These are the voyages of the Starship, Enterprise
Its 5 year mission
To explore strange new worlds
To seek out new life and new civilizations
To boldly go where no man has gone before”
We all know these lines; Star Trek. But with all the technological advances that have mimicked Star Trek, will we really be the ones to explore these new worlds? Or will we add to this legacy a robotic species?
Food, water, sleep, entertainment and down time – plus there’s that nasty oxygen! A human can be so demanding on a long trip and then require so much. The Director of Planetary Science at NASA suggests that exploration and humans are not as compatible as one might think.
Certainly humans provide a unique perspective, but how many failed attempts might there be prior to success? Will we even keep at it when the first ship then second ship don’t make it? Traveling outside of our solar system is cruel and harsh whether we are using current propulsion methods or those we are currently working out the details for and think of the possible prpbls. Low supplies (ie food & water, oxygen) or a human is injured and needs life-saving surgery or other medical procedures.
But do we have any options?
Currently there are robots that exist in various stages of abilities. While I have little doubt that some have capabilities beyond what we know, let me point what we do know, a hydraulically powered Robot called Atlas is equipped with vision that is laser and stereo. Abilities? This particular robot has been created to perform life-saving rescues here on Earth in areas where sending a human might prove impossible or just plain unsafe. With self-driving cars on the horizon, self-flying planes already a reality, are robo-sapiens the next species to inhabit Earth? Can they be equipped to then inhabit space?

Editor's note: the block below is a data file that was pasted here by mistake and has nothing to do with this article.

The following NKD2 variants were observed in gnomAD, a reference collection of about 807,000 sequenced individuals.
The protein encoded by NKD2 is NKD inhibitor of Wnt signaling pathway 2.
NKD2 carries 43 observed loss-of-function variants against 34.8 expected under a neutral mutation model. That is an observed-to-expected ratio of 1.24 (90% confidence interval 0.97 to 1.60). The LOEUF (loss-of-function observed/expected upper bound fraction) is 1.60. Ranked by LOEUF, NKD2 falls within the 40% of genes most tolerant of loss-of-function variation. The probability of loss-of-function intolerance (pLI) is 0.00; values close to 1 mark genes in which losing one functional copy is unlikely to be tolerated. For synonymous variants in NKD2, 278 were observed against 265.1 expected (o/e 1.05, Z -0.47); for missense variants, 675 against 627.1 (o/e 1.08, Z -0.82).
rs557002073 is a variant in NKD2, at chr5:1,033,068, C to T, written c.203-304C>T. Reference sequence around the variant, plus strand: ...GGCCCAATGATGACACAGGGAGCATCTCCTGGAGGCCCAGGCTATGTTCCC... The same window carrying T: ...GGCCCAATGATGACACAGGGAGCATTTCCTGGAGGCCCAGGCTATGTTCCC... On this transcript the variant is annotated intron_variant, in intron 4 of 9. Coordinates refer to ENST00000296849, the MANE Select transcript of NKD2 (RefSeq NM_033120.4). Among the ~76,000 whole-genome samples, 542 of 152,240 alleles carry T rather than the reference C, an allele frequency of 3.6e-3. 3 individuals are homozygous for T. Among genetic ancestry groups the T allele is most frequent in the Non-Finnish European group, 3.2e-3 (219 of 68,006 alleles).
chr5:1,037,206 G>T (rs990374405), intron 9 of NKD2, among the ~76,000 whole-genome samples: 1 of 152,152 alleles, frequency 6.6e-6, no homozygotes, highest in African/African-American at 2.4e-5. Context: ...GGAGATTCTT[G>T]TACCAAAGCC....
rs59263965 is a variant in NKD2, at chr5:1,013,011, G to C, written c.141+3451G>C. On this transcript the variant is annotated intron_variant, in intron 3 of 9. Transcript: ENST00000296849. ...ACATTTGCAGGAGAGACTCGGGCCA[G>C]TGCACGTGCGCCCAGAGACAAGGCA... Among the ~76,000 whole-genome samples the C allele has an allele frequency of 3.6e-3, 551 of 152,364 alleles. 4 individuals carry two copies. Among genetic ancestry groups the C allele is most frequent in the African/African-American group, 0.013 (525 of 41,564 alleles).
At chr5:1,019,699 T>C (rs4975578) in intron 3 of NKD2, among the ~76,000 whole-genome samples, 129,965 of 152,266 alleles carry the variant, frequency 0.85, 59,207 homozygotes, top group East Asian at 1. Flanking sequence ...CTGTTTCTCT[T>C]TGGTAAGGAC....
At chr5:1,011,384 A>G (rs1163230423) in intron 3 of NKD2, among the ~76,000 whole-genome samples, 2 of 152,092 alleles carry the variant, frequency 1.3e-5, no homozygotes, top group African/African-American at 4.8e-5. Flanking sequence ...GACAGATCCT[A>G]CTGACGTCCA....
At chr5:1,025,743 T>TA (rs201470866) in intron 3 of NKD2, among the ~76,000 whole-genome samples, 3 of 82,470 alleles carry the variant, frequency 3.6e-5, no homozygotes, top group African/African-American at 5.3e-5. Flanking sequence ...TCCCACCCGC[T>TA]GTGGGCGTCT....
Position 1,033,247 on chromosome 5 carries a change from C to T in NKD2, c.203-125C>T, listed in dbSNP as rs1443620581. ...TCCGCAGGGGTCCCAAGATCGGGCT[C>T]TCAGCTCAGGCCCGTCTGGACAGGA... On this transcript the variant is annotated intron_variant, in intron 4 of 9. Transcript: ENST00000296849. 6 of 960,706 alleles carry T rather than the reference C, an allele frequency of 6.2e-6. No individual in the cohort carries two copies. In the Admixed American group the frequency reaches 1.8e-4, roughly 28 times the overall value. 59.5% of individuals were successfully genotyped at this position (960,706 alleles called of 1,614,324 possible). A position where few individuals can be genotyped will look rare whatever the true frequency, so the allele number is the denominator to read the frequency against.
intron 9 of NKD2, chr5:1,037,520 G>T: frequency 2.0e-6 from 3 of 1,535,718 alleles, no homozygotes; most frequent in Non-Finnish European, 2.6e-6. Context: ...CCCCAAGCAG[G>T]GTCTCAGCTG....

Astronaut Ken Bowersox believes that space is big enough for both of them – man and robot. He believes that it is not always cost effective to send humans and then mentions that there are times when the two can work together. Certainly NASA suggests the same. On the ISS right now they have Robonaut Two learning what tasks in space require and getting them done. Also there is the ongoing mission of Dextre and the rebotic refueling mission. (really more a space arm than a humanoid).
But there are some things a human can do that a robot can’t. The human mind can analyze, hit a snag in a procedure and adjust. Certainly Curiousity up on Mars and his earlier counterparts have done an excellent job but they were controlled by rooms of humans here on Earth. A human might have traveled more places on the Martian surface, or he might have only been thinking of finding water.
It seems each has their use and varying abilities. Still maybe we should change our mantra for the next generation…“To boldly go where no” (substitute here) “has gone before.” Robo-Sapiens. Can’t you just picture cool things going on in space? Asimov could!